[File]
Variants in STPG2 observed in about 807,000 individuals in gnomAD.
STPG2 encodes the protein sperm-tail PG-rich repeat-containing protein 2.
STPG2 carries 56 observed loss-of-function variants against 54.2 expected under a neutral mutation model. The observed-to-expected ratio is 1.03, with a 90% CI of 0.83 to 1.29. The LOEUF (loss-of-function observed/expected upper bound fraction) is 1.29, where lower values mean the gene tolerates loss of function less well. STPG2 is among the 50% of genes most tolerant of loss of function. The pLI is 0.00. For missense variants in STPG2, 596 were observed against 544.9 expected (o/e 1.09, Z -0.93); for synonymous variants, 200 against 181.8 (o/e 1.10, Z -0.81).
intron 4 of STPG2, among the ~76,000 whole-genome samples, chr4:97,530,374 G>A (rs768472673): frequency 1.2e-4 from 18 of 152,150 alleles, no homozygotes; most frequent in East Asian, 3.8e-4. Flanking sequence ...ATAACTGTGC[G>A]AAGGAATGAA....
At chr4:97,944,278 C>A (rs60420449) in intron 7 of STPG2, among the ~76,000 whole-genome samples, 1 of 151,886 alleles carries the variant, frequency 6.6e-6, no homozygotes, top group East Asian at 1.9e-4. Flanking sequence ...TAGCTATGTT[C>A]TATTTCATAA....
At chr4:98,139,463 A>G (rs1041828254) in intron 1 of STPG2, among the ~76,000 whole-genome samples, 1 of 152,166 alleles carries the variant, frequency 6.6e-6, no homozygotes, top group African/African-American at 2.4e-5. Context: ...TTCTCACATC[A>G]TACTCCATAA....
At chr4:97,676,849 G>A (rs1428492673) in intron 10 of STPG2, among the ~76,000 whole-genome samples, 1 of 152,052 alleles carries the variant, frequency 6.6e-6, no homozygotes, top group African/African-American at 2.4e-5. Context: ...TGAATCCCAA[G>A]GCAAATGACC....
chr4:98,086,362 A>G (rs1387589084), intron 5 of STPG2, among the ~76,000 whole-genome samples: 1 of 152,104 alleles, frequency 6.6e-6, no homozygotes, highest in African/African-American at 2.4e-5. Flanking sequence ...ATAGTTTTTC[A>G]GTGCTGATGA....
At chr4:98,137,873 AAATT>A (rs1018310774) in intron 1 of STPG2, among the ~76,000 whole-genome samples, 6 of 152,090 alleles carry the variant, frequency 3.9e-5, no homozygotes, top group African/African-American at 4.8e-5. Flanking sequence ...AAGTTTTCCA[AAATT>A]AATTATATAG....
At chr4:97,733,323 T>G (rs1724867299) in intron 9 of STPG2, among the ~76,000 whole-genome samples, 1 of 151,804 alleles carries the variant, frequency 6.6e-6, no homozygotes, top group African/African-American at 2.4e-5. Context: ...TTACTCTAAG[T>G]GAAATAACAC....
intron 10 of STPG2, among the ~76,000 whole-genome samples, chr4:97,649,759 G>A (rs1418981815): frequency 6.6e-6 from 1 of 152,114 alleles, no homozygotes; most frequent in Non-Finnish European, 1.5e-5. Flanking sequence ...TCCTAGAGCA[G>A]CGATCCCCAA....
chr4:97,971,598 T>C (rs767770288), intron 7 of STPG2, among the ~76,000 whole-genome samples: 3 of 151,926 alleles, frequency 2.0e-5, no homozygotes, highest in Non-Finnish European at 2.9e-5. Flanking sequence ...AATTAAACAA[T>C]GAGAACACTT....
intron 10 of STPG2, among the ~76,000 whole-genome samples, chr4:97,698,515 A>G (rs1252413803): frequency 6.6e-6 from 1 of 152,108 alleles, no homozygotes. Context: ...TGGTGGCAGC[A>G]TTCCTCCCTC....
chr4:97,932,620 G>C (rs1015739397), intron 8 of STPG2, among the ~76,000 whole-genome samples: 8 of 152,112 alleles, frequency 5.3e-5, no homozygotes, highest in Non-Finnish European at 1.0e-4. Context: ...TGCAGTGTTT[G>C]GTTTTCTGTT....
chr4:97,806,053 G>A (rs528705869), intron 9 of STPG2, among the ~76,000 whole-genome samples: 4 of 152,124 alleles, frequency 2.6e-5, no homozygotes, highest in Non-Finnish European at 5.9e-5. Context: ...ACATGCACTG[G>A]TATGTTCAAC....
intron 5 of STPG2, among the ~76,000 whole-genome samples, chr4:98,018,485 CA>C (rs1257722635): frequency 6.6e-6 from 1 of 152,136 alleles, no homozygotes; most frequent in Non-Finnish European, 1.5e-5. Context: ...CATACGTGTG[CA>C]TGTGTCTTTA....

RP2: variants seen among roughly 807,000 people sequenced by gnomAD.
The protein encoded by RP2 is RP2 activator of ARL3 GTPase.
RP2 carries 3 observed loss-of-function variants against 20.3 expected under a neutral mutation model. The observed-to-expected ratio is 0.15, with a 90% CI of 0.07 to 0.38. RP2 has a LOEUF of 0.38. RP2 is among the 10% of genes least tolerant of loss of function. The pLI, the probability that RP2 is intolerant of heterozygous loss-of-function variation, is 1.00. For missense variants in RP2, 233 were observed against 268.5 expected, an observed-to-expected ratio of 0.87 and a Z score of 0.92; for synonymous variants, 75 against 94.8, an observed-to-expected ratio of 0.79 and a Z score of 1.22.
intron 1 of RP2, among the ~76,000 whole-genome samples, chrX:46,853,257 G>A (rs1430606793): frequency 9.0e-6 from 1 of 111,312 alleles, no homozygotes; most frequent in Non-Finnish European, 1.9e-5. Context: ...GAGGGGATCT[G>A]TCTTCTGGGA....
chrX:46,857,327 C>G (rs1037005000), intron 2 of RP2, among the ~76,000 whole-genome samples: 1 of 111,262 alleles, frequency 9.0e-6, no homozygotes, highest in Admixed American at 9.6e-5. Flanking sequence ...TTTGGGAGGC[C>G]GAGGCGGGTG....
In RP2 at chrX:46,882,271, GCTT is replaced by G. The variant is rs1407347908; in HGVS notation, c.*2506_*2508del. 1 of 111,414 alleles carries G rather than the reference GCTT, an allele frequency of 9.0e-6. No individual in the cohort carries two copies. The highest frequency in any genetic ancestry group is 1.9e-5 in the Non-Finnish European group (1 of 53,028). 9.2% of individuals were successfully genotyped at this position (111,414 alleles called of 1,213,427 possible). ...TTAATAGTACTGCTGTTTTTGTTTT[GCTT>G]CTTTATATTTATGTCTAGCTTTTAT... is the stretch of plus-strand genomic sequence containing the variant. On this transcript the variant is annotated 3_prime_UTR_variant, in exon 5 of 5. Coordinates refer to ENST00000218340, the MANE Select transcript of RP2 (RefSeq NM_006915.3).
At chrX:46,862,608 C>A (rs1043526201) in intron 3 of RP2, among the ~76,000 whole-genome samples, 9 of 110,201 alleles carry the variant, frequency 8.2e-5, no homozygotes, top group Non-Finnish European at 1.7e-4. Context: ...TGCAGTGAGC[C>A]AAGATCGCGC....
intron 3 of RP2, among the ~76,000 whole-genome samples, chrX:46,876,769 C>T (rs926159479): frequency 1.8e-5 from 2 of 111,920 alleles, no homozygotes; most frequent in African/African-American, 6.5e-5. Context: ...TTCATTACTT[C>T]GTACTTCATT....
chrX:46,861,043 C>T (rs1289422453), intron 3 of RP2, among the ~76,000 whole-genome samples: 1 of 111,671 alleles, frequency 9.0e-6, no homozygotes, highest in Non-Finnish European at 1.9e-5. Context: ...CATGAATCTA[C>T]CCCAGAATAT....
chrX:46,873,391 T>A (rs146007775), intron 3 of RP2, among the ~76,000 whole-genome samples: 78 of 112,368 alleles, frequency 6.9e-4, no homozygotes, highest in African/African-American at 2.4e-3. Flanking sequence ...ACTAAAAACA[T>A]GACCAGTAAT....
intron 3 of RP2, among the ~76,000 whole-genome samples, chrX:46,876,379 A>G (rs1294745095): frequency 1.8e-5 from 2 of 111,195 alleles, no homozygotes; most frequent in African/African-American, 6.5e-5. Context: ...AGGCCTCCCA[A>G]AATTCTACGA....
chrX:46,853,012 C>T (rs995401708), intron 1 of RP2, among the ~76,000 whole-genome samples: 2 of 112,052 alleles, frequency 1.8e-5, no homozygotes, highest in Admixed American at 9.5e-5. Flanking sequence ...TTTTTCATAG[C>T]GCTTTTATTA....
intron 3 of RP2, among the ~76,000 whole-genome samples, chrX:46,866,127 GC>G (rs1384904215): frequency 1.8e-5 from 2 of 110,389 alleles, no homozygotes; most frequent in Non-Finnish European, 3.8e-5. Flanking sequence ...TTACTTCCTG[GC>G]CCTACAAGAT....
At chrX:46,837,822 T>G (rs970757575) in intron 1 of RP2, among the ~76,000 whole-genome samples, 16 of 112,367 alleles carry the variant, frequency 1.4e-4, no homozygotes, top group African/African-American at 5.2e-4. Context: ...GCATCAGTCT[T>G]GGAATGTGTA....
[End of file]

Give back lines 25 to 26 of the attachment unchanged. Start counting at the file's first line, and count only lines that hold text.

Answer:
chrX:46,861,043 C>T (rs1289422453), intron 3 of RP2, among the ~76,000 whole-genome samples: 1 of 111,671 alleles, frequency 9.0e-6, no homozygotes, highest in Non-Finnish European at 1.9e-5. Context: ...CATGAATCTA[C>T]CCCAGAATAT....
chrX:46,873,391 T>A (rs146007775), intron 3 of RP2, among the ~76,000 whole-genome samples: 78 of 112,368 alleles, frequency 6.9e-4, no homozygotes, highest in African/African-American at 2.4e-3. Flanking sequence ...ACTAAAAACA[T>A]GACCAGTAAT....